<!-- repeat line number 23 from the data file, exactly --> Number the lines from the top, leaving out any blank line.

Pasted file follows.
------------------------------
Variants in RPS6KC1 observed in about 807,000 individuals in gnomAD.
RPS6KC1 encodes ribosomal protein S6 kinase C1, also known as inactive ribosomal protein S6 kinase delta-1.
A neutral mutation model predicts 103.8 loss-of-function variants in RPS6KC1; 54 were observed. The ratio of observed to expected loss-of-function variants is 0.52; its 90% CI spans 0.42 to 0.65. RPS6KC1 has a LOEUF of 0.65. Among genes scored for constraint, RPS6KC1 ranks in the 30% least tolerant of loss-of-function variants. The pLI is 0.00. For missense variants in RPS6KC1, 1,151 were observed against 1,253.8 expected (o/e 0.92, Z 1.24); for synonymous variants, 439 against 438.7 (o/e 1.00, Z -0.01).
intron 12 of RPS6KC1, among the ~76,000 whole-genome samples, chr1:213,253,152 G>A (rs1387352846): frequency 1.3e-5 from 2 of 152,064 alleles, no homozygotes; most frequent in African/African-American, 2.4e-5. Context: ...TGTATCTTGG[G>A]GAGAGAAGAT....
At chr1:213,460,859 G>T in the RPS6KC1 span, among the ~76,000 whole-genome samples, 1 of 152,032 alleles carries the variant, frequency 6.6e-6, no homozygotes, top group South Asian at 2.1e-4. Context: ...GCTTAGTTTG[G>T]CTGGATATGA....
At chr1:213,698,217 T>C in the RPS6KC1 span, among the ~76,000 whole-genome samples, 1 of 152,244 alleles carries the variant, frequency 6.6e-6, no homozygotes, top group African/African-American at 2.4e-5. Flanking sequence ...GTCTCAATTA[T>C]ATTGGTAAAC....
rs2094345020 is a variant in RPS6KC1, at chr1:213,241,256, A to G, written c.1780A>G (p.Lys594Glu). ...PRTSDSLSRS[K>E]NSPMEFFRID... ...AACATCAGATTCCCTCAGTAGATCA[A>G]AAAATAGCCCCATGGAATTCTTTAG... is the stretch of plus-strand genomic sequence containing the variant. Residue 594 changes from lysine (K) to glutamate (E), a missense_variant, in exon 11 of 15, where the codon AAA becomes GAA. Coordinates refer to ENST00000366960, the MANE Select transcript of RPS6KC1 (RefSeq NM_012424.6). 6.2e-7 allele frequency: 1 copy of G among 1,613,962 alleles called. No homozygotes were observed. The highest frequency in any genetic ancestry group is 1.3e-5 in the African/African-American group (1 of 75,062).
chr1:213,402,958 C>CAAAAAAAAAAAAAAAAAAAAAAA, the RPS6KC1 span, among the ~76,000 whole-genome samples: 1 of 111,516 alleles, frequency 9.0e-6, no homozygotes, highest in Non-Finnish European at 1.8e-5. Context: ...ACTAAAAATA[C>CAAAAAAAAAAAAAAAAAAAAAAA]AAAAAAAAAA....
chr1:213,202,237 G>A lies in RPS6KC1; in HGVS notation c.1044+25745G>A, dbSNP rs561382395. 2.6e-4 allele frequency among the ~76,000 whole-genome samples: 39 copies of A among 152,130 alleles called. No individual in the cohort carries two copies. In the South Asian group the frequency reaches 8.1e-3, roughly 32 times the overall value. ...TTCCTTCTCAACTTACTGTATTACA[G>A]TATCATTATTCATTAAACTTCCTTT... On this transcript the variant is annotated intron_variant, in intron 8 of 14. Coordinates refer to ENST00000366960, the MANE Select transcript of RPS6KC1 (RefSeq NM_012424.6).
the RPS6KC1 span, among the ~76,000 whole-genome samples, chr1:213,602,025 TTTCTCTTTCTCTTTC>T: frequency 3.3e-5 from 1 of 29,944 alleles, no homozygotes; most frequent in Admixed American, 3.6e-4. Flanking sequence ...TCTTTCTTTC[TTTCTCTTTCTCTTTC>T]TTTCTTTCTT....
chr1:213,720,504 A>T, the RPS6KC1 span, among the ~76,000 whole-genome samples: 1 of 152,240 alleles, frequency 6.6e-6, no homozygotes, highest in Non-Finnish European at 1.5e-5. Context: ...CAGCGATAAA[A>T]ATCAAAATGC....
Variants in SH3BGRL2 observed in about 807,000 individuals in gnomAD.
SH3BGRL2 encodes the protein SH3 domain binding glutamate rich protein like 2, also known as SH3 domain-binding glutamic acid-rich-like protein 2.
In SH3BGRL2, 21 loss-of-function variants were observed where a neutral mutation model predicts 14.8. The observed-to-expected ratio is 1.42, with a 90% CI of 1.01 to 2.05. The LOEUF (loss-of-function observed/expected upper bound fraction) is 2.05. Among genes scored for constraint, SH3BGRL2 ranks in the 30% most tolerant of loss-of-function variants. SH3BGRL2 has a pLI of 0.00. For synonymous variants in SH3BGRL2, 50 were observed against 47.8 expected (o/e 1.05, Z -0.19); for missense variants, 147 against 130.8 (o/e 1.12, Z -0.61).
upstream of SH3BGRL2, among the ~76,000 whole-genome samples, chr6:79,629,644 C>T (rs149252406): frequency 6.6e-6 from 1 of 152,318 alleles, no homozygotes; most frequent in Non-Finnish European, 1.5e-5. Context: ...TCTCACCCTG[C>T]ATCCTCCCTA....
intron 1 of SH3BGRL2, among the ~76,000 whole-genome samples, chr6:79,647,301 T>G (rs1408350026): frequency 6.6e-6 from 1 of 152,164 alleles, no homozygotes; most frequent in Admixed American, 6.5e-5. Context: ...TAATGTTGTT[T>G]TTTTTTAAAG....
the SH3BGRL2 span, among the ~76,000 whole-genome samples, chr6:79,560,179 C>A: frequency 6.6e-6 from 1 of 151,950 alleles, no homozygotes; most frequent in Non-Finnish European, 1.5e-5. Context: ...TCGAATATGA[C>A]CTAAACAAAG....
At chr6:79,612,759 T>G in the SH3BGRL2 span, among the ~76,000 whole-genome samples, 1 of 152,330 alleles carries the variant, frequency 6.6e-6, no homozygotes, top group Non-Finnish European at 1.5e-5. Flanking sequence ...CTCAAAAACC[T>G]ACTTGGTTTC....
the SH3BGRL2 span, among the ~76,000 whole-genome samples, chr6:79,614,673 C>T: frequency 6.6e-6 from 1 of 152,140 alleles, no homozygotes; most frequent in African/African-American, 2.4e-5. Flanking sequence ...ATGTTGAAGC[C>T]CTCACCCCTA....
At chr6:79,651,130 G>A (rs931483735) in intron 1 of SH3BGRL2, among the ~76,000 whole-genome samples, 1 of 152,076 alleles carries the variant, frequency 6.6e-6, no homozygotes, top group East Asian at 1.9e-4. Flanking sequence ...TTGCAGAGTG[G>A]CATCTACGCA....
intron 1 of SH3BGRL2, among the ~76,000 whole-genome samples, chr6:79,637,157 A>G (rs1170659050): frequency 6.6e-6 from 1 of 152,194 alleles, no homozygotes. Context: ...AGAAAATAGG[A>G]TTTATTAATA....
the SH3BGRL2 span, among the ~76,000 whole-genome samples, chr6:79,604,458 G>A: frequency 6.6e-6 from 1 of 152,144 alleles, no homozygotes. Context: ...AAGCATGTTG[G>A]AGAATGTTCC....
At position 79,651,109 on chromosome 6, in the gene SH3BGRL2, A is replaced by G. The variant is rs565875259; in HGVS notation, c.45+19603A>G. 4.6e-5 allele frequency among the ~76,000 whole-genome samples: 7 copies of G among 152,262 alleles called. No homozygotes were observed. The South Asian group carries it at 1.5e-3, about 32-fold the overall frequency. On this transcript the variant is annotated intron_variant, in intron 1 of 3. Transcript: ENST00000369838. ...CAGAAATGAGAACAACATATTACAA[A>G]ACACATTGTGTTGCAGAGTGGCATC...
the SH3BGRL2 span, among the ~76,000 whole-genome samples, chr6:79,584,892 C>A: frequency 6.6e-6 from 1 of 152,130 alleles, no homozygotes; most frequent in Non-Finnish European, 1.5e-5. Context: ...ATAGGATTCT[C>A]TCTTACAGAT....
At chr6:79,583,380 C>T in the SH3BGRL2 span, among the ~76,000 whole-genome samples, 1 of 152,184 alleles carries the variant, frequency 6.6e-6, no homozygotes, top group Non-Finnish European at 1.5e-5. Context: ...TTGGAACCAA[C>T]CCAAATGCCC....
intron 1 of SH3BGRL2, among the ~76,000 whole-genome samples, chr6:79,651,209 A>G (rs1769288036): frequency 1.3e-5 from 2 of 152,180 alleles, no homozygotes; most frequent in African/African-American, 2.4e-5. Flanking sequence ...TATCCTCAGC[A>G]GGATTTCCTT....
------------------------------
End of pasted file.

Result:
At position 79,651,109 on chromosome 6, in the gene SH3BGRL2, A is replaced by G. The variant is rs565875259; in HGVS notation, c.45+19603A>G. 4.6e-5 allele frequency among the ~76,000 whole-genome samples: 7 copies of G among 152,262 alleles called. No homozygotes were observed. The South Asian group carries it at 1.5e-3, about 32-fold the overall frequency. On this transcript the variant is annotated intron_variant, in intron 1 of 3. Transcript: ENST00000369838. ...CAGAAATGAGAACAACATATTACAA[A>G]ACACATTGTGTTGCAGAGTGGCATC...